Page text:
For the caregivers, the pandemic is extremely stressful. They are also living this pandemic and trying to combat like all of us. The added responsibility of a patient is a point of stress as the nature of this illness is so volatile. Taking care of someone while maintaining physical distance and being worried about their own health is taking a toll on their mental health.
The health workers are working relentlessly in fighting this pandemic. Their mental health like all of us is fragile in the given conditions as they are also equally affected by this pandemic. They are also striving to survive and help others heal. The agony of losing people to Covid-19 and the inability to physically get close to their patients, having to be away from family and constantly keeping a check on their own health are all the factors affecting them badly. Chhabria says, “We have had cases where caregivers share their emotions towards being shunned by people close to them due to fear of infection, seeing a patient’s health deteriorate due to Covid and not being able to help, having to witness people say their final goodbyes over a video call to their family members.”
The elderly population is mostly affected by the fact that the fatality rate amongst them is higher and they need to be extremely careful. With age-related illnesses and limitations in mobility, their activities were already restricted. Now with Covid, it has become almost impossible to move out of homes unless there is an emergency.
Dr Sameer Kalani, psychiatrist, Sukoon Hospital, Clinically Governed by Fortis Healthcare, Gurugram says, “Mental health among the geriatric section of society is a sensitive issue. The feeling of isolation during Covid can become especially crippling for older individuals as they are not as technology savvy as compared to younger generations. Conditions such as dementia, clinical depression (caused due to deterioration of cells and organs), and psychosis are common among older people.”
For the elderly, it is important that they keep focusing on maintaining their health during these times while also staying connected to those they love. It is also important to emphasize that they follow and continue to engage with activities that are pleasurable and that allow them to maintain routines which is helpful in combating the stress and anxiety of being in this pandemic. Narrating an incident, Chhabria says, “I am treating a 65-year-old woman who cried the other day in session as she is unable to do those few activities like attend painting class and meet her friends that would keep her happy.”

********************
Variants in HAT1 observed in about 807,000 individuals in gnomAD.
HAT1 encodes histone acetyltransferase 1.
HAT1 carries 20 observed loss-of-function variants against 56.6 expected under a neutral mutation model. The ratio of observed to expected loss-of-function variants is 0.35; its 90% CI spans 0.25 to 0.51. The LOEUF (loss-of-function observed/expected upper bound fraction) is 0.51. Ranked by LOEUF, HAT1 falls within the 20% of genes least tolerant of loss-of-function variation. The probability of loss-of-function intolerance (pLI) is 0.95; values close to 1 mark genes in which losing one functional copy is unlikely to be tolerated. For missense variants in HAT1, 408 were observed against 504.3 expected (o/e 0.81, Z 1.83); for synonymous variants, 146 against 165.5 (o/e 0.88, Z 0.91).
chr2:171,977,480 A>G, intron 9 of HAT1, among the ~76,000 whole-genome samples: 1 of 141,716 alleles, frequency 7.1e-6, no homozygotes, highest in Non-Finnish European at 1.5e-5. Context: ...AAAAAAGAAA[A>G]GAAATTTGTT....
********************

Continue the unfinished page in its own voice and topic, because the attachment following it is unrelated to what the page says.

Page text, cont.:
Emphasizing on the severity of the situation, Nelson Vinod Moses, Founder of Suicide Prevention India Foundation, Bengaluru says, “If left untreated, mental health ramifications of the current crisis will be longitudinal and trans-generational. We might have an entire generation of youths suffering from depression, substance abuse issues and a diminished will to live.”
Moses feels that the surge in mental health issues and suicides won’t dip after the severity of the virus wanes. Going by the history of pandemics, and the knock-on effects of an inevitable economic downturn, we can expect a second wave where the horror of an already on the boil mental health crisis will be fully expressed.
There is a stigma around mental health issues in our country. It’s time that mental health needs to be spoken about. We Indian s are still sitting on the symptoms of chronic depression and anxiety. When a young adult complains about low feeling or no appetite, low self-worth, a typical parent ignores it or sits on it for months rather than taking the child for a review or even addresses the symptoms with a qualified psychologist.
Hingoranny says, “When it comes to mental health programs or suicide awareness programmes, we are still lacking. We need to have a weekly awareness programme in all schools and colleges. Psychologists need to be invited to address mental health issues, especially during the coronavirus pandemic. And most psychologists need to do these programmes free of cost.”
There is a need for more resources as India is a large population and the ratio of a psychiatrist and psychologist to a patient is quite skewed. Chhabria states, “Mental health education is missing at the grassroots so if we begin from there, I believe a lot can be achieved and we can be better prepared to deal with mental health issues.”
According to Covid-19 Blues, an online survey conducted by SPIF ((Suicide Prevention India Foundation) across the country, suicide ideation, self-harm and relapses have all risen.
What the data reveals
• Self-harm, suicide ideation/death wish increases: Nearly 65% (28.9% said yes and 35.8% responded with maybe) of the therapists have observed an increase in people who have self-harmed. A whopping 71% (28.9% said yes and 42.1% maybe) of therapists said that more people have expressed suicidal ideation or a death wish to them post the outbreak.
• Increased rates of relapse: Nearly 6 out of 10 therapists (57.9%) who took the survey said that individuals who had previously recovered or were making a recovery, have now relapsed.
• More people seeking therapy: 68.6% of the therapists reported an increase in the number of people they see and in the hours, they spend taking therapy after the pandemic hit
• First-time therapy seekers rise: 54.7% of therapists said that the number of people they see who’s never sought therapy before have risen since the outbreak of the pandemic
• Common problems: Anxiety (88.7%), job loss or fear of job loss (76.1%) and stress 73.6%), isolation/loneliness and financial insecurity (73% each) top the list of common problems faced by people as reported by therapists.
• Caregiver fatigue heightens: 62.3% of therapists said that the current Covid-19 situation and doing only/mostly telepsychiatry has increased their caregiver fatigue.
• Impact on work: Worryingly, 75.8% (64.8% mildly impacted and 11% severely impacted) of the therapists reported that caregiver fatigue has impacted their ability to give their work a 100 per cent.